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iPhone Launch May Be Delayed To November: Digitimes

Apple stock is lower in the premarket, bucking the overall futures trend, following a report from Digitimes according to which Apple may delay the launch of its next-generation iPhone to October or even November, instead of September as usual, citing a Chinese-language Economic Daily News (EDN) report.

As reason for the delay, EDN cites technical issues related to the lamination process of curved OLED panels, and the adoption of a 3D sensing system.

Market sources said that they are watching the pull-in of orders for passive components from the iPhone's supply chain to see whether production of the new iPhone devices is on track, said the paper, adding that the supply chain should begin to pull in orders for passive components such as MLCCs in June.

Major suppliers included in the iPhone supply chain include TSMC, Foxconn Electronics, Pegatron Technology, Wistron, Advanced Semiconductor Engineering (ASE), Largan Precision, Cyntec and Yageo

Meanwhile, as Reuters reports, Apple's decision to stop licensing graphics chips from Imagination Technologies Group, which sent the stock crashing over 60% this week, is the clearest example yet of the iPhone maker's determination to take greater control of the core technologies in its products - both to guard its hefty margins and to position it for future innovations, especially in so-called augmented reality.

The strategy has already reduced Apple's dependence on critical outside suppliers like ARM Holdings Plc, now owned by SoftBank Group Corp. Apple once relied heavily on ARM to design the main processor for the iPhone, but it now licenses only the basic ARM architecture and designs most of the chip itself.  More recently, when Apple bought the headphone company Beats Electronics, part of a $3 billion deal in 2014, it ripped out the existing, off-the-shelf communications chips and replaced them with its own custom-designed W1 Bluetooth chip.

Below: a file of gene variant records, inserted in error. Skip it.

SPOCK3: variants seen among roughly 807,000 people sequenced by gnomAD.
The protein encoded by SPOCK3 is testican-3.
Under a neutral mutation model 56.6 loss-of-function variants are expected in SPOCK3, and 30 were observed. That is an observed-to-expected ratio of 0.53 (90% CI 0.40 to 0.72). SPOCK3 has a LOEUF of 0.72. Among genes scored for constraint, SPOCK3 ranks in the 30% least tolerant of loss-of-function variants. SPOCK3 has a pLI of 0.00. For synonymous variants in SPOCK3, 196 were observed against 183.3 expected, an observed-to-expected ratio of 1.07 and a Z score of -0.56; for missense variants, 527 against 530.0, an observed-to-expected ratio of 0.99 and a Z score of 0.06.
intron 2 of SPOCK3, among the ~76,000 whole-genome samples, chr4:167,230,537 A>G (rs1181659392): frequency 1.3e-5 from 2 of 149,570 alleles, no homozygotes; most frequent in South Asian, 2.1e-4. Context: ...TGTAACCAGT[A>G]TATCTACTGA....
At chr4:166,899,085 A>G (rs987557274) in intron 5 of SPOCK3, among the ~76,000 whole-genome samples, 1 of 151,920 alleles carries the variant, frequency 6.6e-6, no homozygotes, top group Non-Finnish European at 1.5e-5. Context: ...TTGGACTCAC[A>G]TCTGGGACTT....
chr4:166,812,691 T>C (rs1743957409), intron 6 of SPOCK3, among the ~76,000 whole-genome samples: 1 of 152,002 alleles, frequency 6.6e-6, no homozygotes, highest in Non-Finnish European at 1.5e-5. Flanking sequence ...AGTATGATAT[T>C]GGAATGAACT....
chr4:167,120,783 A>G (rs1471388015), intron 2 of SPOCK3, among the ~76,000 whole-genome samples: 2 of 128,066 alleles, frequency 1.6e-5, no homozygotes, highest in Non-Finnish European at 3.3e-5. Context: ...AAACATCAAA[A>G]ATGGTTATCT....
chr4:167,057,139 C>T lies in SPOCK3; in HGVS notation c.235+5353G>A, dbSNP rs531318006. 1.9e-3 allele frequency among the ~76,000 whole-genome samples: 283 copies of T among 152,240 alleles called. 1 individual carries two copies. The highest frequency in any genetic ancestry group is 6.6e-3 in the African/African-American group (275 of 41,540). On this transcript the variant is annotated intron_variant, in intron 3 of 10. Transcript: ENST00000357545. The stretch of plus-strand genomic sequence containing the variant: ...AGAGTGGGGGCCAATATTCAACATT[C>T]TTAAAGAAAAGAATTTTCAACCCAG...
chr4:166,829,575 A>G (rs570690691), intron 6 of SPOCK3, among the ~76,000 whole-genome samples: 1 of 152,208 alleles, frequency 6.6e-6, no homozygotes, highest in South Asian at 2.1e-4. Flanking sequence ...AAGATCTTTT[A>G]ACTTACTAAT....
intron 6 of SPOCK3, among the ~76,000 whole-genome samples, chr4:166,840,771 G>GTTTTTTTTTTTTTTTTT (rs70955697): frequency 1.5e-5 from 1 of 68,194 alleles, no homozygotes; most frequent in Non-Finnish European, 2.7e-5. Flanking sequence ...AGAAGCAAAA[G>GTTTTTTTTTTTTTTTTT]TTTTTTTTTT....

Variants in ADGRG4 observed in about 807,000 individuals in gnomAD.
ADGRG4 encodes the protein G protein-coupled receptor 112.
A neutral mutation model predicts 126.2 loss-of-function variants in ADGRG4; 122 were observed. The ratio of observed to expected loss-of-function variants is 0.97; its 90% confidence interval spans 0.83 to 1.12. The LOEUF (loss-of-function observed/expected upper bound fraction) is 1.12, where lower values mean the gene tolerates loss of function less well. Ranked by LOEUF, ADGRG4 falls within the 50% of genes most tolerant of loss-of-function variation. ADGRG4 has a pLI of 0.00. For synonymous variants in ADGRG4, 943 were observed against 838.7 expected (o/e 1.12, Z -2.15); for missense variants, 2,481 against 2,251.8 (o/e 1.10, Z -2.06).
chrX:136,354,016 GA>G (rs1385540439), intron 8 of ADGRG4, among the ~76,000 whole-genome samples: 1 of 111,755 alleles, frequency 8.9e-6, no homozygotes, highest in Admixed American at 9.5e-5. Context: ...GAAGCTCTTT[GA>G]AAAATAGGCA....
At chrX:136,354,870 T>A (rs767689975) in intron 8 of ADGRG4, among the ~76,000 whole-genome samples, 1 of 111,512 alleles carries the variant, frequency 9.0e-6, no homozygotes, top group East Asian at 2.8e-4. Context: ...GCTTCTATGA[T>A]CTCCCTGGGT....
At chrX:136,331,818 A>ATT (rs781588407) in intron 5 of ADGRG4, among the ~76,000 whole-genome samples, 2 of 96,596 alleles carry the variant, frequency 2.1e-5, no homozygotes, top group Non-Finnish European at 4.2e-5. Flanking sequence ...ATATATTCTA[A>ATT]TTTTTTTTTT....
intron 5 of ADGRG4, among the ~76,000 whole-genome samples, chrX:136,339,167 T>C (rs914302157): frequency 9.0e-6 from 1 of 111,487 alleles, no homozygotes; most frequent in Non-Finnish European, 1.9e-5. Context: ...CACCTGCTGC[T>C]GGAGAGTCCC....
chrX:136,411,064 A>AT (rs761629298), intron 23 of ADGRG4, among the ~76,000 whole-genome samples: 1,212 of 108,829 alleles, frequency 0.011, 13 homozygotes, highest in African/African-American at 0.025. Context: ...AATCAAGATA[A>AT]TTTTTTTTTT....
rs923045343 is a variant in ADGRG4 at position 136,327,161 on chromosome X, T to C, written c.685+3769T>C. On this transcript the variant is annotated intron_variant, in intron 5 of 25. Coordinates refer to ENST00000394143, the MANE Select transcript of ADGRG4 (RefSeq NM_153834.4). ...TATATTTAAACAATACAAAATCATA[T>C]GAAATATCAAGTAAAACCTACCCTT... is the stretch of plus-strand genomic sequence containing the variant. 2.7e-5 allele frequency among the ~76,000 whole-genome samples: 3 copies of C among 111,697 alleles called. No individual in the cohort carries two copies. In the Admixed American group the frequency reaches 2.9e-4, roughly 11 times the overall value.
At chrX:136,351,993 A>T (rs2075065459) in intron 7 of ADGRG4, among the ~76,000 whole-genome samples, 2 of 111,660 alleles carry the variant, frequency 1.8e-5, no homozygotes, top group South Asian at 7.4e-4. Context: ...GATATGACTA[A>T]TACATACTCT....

"Apple clearly got rid of all the conventional suppliers and replaced about five chips with one," said Jim Morrison, vice president of TechInsights, a firm that examines the chips inside electronics devices.

"Today we do much more in-house development of fundamental technologies than we used to," Apple Chief Financial Officer Luca Maestri said at a February conference. "Think of the work we do on processors or sensors. We can push the envelope on innovation. We have better control over timing, over cost and over quality."

Most vendors of consumer electronics products rely on outside suppliers for chip design and development, primarily because it is extremely expensive. That has created huge opportunities for companies like ARM, Qualcomm Inc (QCOM.O) and Nvidia Corp (NVDA.O), which have developed core technologies for processing, communications and graphics that are used by scores of vendors.

Now, though, Apple is so big that it can economically create its own designs, or license small pieces of others' work and build on it. As with ARM and Qualcomm, the actual manufacturing of the chips is still contracted out to a semiconductor foundry, such as those run by Samsung Electronics and Taiwan Semiconductor Manufacturing Co Ltd.

For investors this leaves a binary quandary: will Apple acquire its key vendors, or will it simply abandon them, proceeding with inhouse development instead.